The generosity of Grosse Pointe students is clear, says Alicia Carlisle, the coordinator for SERVE of .
Every year students show their compassion and generosity, she said, noting how they do not question whether they will participate but simply do it without questions or prodding.
The same was true this holiday season, Carlisle said.
Each of the Grosse Pointe Public Schools participate in building-wide efforts to help those in need. The project is selected on a building-by-building basis and many smaller internal efforts are also pursued.
One of the more established and favorite of many employees is the Adopt-A-Family program at . The program was started several years ago by a teacher, Barry Mulso, and has continued. This year's program was organized by Patrick Hicks.
Each class "adopts" a family in need and they begin compiling all of the family's needs from clothing to food to toys and presents. The gifts are topped off with a grocery store gift card and front-door delivery by the students.
Another effort this year involved students from and several elementary schools, in which students gathered hats, gloves and scarves for cancer patients. The donations were donated to and included winter accessories for both adults and children, Carlisle said.
Meanwhile, a tree in South's library strung with tags by the Salvation Army to benefit families at the Warren Shelter was cleared so fast by students the organization returned to replenish the tags, librarian Courtney McGuire said.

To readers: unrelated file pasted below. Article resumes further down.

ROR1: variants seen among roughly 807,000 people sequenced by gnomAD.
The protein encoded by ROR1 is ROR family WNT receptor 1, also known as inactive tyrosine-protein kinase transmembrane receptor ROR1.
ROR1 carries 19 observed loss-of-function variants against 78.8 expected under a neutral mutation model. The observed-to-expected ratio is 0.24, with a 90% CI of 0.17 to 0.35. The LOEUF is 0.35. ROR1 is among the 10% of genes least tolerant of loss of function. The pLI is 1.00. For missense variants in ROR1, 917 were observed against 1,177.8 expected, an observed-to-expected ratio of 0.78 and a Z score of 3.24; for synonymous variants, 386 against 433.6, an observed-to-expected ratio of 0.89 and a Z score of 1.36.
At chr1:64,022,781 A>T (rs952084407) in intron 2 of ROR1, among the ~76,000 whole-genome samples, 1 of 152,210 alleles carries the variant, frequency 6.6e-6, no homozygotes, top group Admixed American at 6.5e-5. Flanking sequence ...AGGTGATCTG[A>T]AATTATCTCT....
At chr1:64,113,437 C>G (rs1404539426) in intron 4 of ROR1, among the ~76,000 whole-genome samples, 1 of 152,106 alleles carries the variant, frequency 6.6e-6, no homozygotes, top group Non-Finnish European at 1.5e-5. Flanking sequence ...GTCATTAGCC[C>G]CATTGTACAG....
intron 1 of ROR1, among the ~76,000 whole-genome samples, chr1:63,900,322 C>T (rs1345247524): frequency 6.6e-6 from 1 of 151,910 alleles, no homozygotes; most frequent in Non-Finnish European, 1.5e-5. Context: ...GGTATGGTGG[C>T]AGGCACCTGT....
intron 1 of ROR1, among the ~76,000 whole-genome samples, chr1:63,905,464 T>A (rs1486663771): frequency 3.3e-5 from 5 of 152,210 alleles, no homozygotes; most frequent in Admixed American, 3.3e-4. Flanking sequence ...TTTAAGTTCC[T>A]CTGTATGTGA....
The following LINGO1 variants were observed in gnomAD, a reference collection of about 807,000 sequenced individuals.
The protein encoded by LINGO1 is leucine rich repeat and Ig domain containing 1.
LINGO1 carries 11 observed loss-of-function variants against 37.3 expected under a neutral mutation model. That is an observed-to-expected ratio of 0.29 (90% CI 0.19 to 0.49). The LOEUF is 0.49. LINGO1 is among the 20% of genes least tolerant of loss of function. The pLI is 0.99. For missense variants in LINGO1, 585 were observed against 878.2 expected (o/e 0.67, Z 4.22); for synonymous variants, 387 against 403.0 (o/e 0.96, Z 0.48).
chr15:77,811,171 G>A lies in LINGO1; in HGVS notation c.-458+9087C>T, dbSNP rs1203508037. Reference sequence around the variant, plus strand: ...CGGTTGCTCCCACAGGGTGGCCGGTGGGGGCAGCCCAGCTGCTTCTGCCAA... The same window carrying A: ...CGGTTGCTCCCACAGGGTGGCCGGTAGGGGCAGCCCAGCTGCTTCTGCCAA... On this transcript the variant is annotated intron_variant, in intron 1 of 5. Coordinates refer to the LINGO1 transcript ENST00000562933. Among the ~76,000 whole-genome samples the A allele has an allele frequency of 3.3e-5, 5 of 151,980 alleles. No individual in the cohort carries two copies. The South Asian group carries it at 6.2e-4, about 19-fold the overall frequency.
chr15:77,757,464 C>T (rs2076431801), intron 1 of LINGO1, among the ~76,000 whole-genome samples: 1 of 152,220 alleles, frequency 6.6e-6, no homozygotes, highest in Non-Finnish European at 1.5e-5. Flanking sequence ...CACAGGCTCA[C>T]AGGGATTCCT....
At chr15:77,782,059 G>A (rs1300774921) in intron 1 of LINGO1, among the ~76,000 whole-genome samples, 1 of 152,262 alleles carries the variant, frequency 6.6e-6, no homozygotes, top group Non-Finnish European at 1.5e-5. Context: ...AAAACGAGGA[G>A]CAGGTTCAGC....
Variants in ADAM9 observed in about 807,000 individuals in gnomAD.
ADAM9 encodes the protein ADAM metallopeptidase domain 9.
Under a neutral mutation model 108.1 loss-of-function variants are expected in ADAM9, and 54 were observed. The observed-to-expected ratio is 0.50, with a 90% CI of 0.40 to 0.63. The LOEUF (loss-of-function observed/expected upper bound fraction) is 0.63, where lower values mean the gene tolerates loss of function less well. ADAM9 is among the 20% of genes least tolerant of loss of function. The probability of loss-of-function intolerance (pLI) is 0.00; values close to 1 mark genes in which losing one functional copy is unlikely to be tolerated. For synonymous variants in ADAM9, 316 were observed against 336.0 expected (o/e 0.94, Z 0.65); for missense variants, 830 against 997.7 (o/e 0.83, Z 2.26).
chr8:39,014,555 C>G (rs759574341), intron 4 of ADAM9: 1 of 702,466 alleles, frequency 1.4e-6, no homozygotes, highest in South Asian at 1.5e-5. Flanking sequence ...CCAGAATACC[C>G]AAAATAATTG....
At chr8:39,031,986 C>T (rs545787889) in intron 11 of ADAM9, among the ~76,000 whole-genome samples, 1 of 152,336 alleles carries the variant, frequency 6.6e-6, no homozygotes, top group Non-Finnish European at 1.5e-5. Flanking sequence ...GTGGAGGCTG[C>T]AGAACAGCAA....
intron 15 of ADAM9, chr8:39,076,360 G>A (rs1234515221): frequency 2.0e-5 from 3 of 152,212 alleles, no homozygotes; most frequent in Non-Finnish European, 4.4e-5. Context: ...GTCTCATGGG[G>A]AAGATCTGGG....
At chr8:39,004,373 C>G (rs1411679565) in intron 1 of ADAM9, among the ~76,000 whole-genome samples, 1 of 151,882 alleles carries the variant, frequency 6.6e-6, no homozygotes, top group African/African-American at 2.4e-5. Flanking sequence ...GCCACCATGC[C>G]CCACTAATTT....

The shelter has been fully occupied for quite a while, she said, and the idea for the giving tree came after Carlisle's in which dozens of organization's feature their volunteer opportunities.
It was the first year the library had the tree but it was such a success, it will be an annual tradition, McGuire said. The tree was strung with 200 tickets initially but those were claimed so quickly by students, Salvation Army officials were asked to return with more. About 300 were claimed in all, she said. Most asked for a donation of $25 or that much in goods, some were for more, McGuire said.
In addition to the many students taking the tags and purchasing gifts, a group of students helped wrap those gifts that were submitted without wrapping and helped Salvation Army officials load the truck.
Carlisle said she knows there are many more examples of generosity district-wide. In January she plans to start tracking such efforts. Her office is a resource for students who are looking for volunteer or other opporutnities, so often when a class or school is looking for where to donate, they seek ideas there, she said.
There are many efforts made by students in the private schools too.
Star of the Sea kicked off the season with its annual canned/dry food drive on Halloween. The day the students bring in their donation, the food it delivered to the gym one classroom at a time and made into a castle.
Several families from the Grosse Pointes took time during Thanksgiving break to prepare and serve spaghetti to homeless people at Cass Community Social Services in Detroit, spokeswoman Patti Theros.